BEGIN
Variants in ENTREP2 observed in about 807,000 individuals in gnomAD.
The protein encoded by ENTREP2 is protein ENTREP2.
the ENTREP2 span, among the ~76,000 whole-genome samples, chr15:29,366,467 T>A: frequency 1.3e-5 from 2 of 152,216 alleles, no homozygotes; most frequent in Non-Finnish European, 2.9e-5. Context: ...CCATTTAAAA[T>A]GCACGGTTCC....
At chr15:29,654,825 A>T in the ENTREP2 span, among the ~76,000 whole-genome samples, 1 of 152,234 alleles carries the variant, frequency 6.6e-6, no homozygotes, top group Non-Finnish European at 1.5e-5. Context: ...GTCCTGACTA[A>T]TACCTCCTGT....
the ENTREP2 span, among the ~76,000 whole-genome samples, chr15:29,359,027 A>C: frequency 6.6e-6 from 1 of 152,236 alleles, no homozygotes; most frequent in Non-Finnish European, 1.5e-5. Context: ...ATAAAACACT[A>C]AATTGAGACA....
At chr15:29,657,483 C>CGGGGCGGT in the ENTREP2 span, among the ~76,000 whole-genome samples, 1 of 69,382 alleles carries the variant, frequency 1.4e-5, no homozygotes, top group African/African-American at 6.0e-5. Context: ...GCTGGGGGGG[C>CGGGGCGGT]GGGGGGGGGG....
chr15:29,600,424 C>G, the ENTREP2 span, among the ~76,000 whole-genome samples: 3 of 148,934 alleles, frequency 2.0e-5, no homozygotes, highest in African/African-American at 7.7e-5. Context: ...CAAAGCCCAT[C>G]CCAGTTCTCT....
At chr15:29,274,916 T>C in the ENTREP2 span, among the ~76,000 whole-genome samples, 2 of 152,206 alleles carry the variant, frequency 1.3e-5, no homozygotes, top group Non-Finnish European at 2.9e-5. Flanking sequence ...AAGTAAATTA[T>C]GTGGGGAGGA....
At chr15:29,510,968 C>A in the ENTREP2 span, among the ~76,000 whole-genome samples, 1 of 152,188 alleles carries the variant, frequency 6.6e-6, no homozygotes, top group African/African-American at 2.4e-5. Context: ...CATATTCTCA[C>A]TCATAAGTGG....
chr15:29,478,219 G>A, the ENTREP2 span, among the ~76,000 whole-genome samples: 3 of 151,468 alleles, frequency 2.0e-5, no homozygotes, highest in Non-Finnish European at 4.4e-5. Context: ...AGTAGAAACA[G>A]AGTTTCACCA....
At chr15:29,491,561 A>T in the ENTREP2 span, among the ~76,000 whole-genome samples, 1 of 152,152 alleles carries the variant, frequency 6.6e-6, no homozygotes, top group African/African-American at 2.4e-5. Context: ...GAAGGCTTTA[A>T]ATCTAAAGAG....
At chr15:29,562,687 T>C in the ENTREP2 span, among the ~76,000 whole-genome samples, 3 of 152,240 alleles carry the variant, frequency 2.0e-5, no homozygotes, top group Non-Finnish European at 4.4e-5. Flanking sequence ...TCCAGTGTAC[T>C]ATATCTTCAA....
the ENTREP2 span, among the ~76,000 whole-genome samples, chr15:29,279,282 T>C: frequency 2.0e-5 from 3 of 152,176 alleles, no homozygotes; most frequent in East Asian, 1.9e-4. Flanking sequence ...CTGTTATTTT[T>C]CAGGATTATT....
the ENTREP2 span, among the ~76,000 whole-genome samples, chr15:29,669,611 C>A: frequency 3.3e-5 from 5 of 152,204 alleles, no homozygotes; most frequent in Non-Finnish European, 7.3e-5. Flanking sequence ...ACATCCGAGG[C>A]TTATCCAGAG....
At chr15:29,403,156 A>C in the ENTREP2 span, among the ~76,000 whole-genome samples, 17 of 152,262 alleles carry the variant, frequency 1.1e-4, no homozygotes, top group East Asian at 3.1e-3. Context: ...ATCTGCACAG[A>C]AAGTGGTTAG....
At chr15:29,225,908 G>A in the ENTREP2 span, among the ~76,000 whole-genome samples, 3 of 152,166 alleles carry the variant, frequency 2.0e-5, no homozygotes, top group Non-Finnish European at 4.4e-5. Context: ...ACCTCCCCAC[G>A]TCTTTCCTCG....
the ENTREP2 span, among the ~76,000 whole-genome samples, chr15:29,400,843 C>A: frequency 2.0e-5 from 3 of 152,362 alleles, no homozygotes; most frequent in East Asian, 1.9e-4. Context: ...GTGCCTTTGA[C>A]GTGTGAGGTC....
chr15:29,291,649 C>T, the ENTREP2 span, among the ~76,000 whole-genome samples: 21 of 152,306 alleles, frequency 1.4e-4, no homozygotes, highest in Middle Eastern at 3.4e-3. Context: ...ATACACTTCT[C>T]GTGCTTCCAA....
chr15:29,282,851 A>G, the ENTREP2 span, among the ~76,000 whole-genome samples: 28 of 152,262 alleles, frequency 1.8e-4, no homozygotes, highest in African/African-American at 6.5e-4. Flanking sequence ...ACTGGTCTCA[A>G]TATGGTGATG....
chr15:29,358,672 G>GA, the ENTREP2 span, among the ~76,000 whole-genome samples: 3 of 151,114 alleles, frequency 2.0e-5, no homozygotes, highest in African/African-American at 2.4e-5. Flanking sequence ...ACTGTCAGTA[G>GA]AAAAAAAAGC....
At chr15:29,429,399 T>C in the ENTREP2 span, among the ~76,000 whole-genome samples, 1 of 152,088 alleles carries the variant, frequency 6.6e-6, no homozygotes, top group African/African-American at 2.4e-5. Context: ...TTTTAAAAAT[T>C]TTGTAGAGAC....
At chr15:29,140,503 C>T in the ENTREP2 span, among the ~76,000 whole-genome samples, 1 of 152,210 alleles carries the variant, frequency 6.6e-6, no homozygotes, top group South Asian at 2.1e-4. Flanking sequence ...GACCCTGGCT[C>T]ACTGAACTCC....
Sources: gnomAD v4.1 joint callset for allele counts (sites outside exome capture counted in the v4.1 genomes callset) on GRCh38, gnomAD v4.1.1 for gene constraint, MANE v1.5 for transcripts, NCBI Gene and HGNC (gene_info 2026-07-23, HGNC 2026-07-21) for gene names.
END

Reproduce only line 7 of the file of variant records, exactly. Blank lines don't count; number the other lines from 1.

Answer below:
chr15:29,600,424 C>G, the ENTREP2 span, among the ~76,000 whole-genome samples: 3 of 148,934 alleles, frequency 2.0e-5, no homozygotes, highest in African/African-American at 7.7e-5. Context: ...CAAAGCCCAT[C>G]CCAGTTCTCT....